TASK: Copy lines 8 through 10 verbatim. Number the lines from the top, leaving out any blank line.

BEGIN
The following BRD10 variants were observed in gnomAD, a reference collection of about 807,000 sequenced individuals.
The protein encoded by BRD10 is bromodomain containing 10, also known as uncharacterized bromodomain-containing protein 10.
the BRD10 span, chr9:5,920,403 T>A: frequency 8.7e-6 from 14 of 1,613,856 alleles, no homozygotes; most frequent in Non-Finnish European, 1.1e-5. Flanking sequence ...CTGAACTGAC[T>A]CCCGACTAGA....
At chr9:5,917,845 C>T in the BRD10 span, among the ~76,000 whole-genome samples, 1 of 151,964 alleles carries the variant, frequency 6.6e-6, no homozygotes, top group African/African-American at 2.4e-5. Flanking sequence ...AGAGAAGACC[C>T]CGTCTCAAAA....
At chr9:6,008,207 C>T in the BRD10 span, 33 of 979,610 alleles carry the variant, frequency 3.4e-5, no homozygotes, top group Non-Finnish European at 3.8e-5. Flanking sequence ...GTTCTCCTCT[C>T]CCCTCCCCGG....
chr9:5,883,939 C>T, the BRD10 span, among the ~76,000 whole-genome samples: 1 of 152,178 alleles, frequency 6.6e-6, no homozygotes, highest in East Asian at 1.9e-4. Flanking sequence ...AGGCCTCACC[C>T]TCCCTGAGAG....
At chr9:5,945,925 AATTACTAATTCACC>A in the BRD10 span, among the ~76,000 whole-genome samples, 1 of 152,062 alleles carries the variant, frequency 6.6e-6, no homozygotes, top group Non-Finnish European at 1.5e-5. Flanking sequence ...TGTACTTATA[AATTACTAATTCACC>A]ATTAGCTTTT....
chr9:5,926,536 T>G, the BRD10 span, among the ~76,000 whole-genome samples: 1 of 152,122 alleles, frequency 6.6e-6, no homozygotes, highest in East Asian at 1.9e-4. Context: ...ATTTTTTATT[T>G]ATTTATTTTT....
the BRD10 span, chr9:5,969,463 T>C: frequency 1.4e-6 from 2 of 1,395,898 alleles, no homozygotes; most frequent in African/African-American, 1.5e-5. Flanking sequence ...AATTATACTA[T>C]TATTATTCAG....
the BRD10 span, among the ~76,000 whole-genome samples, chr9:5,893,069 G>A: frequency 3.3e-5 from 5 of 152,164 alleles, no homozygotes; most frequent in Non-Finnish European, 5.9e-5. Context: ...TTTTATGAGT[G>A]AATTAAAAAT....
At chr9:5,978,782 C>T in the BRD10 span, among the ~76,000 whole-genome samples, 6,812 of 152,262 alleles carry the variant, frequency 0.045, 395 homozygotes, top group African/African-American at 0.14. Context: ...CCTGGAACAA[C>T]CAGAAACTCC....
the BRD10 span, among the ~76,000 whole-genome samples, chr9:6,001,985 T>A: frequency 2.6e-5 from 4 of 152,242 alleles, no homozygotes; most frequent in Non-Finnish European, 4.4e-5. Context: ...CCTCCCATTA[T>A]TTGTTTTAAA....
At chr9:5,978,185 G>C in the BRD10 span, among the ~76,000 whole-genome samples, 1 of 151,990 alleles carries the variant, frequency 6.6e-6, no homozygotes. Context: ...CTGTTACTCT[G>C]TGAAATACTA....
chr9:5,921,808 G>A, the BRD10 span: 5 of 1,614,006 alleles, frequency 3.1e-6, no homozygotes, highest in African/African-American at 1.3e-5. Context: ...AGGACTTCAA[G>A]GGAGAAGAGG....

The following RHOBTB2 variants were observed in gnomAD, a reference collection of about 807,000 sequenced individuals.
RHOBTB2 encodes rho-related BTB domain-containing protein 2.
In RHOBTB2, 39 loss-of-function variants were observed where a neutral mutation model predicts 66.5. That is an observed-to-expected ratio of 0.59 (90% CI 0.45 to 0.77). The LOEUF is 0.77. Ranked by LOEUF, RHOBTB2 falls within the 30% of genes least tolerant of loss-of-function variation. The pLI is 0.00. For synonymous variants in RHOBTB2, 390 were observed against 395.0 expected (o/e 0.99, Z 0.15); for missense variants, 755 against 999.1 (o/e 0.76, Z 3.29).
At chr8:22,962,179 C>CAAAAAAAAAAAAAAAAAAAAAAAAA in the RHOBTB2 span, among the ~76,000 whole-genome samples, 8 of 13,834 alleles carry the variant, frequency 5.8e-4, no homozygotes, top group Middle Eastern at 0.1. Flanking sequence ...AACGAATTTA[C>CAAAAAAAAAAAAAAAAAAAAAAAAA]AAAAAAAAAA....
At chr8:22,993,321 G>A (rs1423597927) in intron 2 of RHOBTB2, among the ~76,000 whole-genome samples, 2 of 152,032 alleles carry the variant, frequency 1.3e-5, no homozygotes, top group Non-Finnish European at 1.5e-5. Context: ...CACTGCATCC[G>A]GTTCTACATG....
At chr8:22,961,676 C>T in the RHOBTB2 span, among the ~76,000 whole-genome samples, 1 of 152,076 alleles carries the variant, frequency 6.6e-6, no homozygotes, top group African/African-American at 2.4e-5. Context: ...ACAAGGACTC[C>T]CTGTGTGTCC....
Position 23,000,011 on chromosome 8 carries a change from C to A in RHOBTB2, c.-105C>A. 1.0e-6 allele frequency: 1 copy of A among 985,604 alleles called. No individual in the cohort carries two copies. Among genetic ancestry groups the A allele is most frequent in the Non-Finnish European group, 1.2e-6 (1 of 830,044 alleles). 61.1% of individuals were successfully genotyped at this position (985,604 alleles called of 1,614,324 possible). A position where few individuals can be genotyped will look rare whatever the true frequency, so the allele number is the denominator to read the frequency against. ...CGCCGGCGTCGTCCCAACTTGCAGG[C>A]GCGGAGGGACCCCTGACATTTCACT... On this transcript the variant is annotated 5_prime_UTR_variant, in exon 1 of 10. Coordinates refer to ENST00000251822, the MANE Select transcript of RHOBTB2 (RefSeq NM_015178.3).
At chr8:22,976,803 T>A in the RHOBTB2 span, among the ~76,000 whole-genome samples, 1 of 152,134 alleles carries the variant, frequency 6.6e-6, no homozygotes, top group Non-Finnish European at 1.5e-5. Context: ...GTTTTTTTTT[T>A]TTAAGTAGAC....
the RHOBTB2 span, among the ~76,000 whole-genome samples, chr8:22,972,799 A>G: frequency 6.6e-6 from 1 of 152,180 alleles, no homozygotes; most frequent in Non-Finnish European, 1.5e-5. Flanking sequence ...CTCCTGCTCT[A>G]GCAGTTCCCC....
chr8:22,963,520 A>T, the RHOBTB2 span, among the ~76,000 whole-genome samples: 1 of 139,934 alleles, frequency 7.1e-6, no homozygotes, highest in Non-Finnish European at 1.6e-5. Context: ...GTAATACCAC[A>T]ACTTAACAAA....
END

chr9:5,926,536 T>G, the BRD10 span, among the ~76,000 whole-genome samples: 1 of 152,122 alleles, frequency 6.6e-6, no homozygotes, highest in East Asian at 1.9e-4. Context: ...ATTTTTTATT[T>G]ATTTATTTTT....
the BRD10 span, chr9:5,969,463 T>C: frequency 1.4e-6 from 2 of 1,395,898 alleles, no homozygotes; most frequent in African/African-American, 1.5e-5. Flanking sequence ...AATTATACTA[T>C]TATTATTCAG....
the BRD10 span, among the ~76,000 whole-genome samples, chr9:5,893,069 G>A: frequency 3.3e-5 from 5 of 152,164 alleles, no homozygotes; most frequent in Non-Finnish European, 5.9e-5. Context: ...TTTTATGAGT[G>A]AATTAAAAAT....